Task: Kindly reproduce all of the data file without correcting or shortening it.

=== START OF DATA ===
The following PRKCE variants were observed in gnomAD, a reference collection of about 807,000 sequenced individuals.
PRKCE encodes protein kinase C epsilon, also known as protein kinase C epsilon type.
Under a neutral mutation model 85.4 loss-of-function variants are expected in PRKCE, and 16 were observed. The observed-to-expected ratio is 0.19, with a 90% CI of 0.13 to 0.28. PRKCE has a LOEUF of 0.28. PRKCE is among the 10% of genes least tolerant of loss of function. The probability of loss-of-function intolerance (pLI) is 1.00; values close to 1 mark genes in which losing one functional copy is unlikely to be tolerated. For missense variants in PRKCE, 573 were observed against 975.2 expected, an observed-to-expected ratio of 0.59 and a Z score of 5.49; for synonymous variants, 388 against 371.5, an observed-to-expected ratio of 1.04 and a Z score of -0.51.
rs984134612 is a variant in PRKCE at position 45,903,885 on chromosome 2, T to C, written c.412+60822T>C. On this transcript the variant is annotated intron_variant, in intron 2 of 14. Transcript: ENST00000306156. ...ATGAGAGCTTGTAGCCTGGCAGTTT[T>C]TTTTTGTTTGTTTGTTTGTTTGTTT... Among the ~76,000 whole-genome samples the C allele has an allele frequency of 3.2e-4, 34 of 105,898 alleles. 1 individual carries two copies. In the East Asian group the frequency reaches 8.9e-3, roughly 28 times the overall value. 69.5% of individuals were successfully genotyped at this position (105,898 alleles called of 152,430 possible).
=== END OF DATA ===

The following PRKCE variants were observed in gnomAD, a reference collection of about 807,000 sequenced individuals.
PRKCE encodes protein kinase C epsilon, also known as protein kinase C epsilon type.
Under a neutral mutation model 85.4 loss-of-function variants are expected in PRKCE, and 16 were observed. The observed-to-expected ratio is 0.19, with a 90% CI of 0.13 to 0.28. PRKCE has a LOEUF of 0.28. PRKCE is among the 10% of genes least tolerant of loss of function. The probability of loss-of-function intolerance (pLI) is 1.00; values close to 1 mark genes in which losing one functional copy is unlikely to be tolerated. For missense variants in PRKCE, 573 were observed against 975.2 expected, an observed-to-expected ratio of 0.59 and a Z score of 5.49; for synonymous variants, 388 against 371.5, an observed-to-expected ratio of 1.04 and a Z score of -0.51.
rs984134612 is a variant in PRKCE at position 45,903,885 on chromosome 2, T to C, written c.412+60822T>C. On this transcript the variant is annotated intron_variant, in intron 2 of 14. Transcript: ENST00000306156. ...ATGAGAGCTTGTAGCCTGGCAGTTT[T>C]TTTTTGTTTGTTTGTTTGTTTGTTT... Among the ~76,000 whole-genome samples the C allele has an allele frequency of 3.2e-4, 34 of 105,898 alleles. 1 individual carries two copies. In the East Asian group the frequency reaches 8.9e-3, roughly 28 times the overall value. 69.5% of individuals were successfully genotyped at this position (105,898 alleles called of 152,430 possible).